Nonetheless, the Bush Administration made some young Mormons cynical and led them toward the Democrats, says Richard Davis, a political science professor at BYU. But Davis believes the Democratic drift has been neutralized over the last three years. "I don't think they moved back to being Republicans, but they're not as enamored with Obama and are not as likely to be Democrats," he says. "If Romney wins the nomination and the election, I think he has that potential of connecting himself to the Republican Party, thus making the Republican Party more attractive to young LDS members who are independent."
Other young Mormons find themselves conflicted on Romney.
"It seems that anytime a Mormon becomes prominent in society, everyone in the church latches onto them like they are our only hope of the world ever accepting us and perceiving our church as normal," says Casey Evenhus, a senior history teaching major at BYU. "That's what they are doing with Mitt Romney."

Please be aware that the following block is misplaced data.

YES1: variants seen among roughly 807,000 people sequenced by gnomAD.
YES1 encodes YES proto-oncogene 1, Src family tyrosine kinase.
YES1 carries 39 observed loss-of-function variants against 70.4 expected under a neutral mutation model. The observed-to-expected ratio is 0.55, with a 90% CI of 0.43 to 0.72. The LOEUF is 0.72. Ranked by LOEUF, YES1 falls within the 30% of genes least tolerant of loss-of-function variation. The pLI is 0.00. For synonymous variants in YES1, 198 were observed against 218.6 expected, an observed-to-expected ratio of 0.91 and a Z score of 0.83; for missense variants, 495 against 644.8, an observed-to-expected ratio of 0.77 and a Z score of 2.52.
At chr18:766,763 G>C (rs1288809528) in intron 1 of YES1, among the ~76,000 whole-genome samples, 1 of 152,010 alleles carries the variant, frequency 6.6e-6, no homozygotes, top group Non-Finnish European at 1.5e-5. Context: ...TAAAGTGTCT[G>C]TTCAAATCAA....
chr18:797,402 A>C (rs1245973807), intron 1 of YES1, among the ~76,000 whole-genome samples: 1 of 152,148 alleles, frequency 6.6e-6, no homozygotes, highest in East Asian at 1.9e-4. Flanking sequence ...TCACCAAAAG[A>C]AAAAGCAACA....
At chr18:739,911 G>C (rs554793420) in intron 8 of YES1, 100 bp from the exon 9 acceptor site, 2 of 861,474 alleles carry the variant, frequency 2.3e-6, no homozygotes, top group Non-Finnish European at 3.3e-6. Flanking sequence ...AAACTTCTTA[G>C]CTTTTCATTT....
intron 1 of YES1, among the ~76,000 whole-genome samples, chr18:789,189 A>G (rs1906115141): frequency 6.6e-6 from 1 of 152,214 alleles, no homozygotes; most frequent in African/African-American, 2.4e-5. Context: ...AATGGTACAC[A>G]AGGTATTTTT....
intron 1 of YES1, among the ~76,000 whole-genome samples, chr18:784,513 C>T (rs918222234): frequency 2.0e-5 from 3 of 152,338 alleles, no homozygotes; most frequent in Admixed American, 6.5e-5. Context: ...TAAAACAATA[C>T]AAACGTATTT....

Evenhus, 22, was not born into the LDS Church, but was baptized in 2006 when she was 17, the only member of her family to belong to the church. When she turned 18, she registered as a Republican because -- judging by her friends -- that's what she thought Mormons did. In 2008, she was torn between her personal leaning toward the Democratic Party and then-Sen. Barack Obama on one hand, and the culture of the LDS church on the other. "I felt a sense of loyalty to Romney since he was one of 'my people,'" says Evenhus, who is secretary of the BYU Democrats. "But I knew deep down that I did not want to vote for someone just because they were a Mormon."
In Utah County, which includes Provo, there can be a temptation to hide liberal or Democratic views to avoid being ostracized. Evenhus likened her BYU classmates finding out she was a Democrat to a zoo exhibit, with students gawking at her trying to process what or who they're in the presence of. "Whenever I go on dates with someone, I have to debate in my mind when the right time is to 'come out' as a liberal," she says.